Finally, the Minister of Justice, the Hon Dr A M Omar MP formally opened the conference in an address dedicated to the key concepts of the Constitution of the new South Africa - equality and dignity of all. In a calm and steady voice, he acknowledged the faithful vigilance of the ICJ in the dark days of apartheid. He told us of how President Mandela had reminded him that it was Mr John Arnold QC who observed his trial in the 1960s. Mr Arnold, Lord Gardiner, Mr St John, Lord Elwin-Jones and many others - on behalf of the ICJ and on behalf of sister organisations, observed trials, held conferences, made speeches, engaged the media, and generally alerted the world to the outrageous injustices of apartheid. Some of these champions of freedom are now dead. But many of them, happily, like President Mandela are still alive.


Last week, in Australia, the Government of the French Republic honoured the surviving Australian veterans who fought during the First World War in the defence of France. They are now a hundred years of age and more. Not many of them are left. It would be a good thing if the Government of South Africa - or perhaps the ICJ itself - could similarly honour those people, famous as well as little known, who led South Africa and the world in the struggle against apartheid until it was banished from the earth. The Minister told us that the ICJ could claim some little part in the parentage of the new Constitution of South Africa. He spoke of the renewal of his country as part of the renaissance of Mother Africa. He is himself a renaissance man. Fortunate is South Africa in the many inspiring leaders it enjoys, in all constitutional branches of government, committed to justice for all, fundamental rights and the rule of law. Fortunate is the ICJ to have chosen South Africa at this brilliant moment in its history, to be the venue of the last triennial meeting and conference of the twentieth century. From this vantage point we can look into the next millennium and see a future of hope and the high road to greater freedom.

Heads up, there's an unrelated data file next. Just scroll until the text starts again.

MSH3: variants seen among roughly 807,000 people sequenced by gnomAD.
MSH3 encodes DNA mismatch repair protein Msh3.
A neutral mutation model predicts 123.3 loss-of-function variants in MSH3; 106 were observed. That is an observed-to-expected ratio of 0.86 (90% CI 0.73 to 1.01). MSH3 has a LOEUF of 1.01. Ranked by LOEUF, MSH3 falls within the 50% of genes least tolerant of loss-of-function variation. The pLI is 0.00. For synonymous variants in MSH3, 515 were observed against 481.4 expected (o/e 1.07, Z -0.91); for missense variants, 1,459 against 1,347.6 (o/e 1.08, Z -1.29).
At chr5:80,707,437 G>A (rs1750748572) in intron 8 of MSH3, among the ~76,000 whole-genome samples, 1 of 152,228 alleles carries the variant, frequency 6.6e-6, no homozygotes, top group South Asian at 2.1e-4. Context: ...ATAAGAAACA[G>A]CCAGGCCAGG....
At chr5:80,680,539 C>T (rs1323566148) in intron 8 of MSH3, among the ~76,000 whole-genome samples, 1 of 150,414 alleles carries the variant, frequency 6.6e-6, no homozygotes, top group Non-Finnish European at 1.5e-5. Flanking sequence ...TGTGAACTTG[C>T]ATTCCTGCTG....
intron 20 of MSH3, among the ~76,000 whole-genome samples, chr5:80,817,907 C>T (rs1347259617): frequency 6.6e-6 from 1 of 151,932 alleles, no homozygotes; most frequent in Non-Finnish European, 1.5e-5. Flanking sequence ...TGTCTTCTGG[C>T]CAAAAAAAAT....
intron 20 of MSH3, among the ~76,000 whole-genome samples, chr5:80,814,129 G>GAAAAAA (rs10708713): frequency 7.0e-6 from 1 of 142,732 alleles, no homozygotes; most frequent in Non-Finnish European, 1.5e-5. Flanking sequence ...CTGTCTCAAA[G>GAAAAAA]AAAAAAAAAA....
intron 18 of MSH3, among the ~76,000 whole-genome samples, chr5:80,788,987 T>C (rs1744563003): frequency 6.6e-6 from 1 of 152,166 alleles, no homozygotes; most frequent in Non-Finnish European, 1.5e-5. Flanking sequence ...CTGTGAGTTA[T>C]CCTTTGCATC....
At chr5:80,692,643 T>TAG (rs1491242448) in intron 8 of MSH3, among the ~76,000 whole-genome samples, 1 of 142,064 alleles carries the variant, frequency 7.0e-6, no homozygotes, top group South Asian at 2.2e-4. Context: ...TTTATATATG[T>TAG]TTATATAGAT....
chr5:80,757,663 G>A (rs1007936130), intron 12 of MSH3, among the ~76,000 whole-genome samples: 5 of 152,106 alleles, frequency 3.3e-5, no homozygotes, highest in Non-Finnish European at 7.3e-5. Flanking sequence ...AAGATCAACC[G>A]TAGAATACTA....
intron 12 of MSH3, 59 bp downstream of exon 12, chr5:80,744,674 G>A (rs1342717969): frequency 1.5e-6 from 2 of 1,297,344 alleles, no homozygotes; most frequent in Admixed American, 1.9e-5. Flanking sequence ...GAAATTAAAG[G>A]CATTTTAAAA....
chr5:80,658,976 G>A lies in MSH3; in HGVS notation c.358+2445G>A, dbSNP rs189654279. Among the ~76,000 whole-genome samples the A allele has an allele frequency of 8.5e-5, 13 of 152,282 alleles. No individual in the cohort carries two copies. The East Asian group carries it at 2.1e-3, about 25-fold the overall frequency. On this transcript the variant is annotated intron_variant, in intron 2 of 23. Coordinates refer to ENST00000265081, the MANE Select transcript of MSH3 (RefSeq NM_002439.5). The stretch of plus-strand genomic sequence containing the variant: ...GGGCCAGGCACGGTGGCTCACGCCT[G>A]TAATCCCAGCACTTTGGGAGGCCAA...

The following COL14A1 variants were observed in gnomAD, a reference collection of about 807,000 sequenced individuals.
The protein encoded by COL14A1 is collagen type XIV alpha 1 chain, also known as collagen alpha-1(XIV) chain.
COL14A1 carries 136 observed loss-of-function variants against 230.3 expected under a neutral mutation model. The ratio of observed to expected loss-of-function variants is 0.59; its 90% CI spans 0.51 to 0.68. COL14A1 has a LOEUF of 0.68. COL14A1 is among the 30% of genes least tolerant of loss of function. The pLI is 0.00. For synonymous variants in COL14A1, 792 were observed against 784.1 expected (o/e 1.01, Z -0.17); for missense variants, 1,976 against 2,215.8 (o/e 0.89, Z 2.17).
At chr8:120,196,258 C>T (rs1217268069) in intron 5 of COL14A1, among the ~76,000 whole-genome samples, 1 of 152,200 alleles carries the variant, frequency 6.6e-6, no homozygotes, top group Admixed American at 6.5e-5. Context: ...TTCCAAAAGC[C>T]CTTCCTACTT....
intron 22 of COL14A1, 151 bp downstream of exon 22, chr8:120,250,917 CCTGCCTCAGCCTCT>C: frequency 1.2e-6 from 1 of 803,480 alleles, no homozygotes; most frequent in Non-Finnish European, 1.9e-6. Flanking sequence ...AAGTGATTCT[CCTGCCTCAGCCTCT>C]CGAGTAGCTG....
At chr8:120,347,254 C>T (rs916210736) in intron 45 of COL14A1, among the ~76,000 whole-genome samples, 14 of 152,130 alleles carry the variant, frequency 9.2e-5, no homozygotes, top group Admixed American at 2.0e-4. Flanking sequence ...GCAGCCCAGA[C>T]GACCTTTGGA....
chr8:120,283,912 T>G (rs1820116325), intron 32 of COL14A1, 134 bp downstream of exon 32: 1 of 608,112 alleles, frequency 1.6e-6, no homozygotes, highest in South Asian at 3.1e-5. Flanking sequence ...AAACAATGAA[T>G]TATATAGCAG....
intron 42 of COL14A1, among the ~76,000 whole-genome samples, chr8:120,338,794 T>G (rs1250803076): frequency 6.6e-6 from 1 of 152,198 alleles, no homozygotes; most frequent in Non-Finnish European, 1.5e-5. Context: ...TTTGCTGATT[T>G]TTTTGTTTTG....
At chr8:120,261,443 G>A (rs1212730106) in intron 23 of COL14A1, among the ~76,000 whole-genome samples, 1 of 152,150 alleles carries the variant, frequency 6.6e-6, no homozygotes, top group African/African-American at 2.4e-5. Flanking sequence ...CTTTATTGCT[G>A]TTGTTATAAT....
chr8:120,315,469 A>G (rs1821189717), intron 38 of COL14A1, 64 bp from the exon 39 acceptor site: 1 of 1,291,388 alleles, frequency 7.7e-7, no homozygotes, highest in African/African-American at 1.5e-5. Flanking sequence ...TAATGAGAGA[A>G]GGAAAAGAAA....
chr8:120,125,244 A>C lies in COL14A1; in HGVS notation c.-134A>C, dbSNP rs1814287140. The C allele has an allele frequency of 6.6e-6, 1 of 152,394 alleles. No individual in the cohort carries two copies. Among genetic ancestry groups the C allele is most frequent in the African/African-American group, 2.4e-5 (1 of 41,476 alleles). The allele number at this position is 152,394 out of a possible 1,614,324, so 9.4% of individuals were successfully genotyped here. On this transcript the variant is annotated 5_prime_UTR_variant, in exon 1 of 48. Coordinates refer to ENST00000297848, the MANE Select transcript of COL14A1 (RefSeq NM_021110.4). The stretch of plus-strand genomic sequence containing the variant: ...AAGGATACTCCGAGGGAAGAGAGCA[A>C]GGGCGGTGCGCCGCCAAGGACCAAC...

1 Revised transcript based upon remarks made at the Opening Ceremony of the conference on 20 July 1998.


2 International Commission of Jurists, South Africa and the Rule of Law , 1960, Geneva.


3 His report is published in Journal of the International Commission of Jurists, Vol 1 No 1 pp 43-58 (1958).


4 ICJ Bulletin No 8 December 1958.


5 ICJ Bulletin , No 9, August 1959, 21.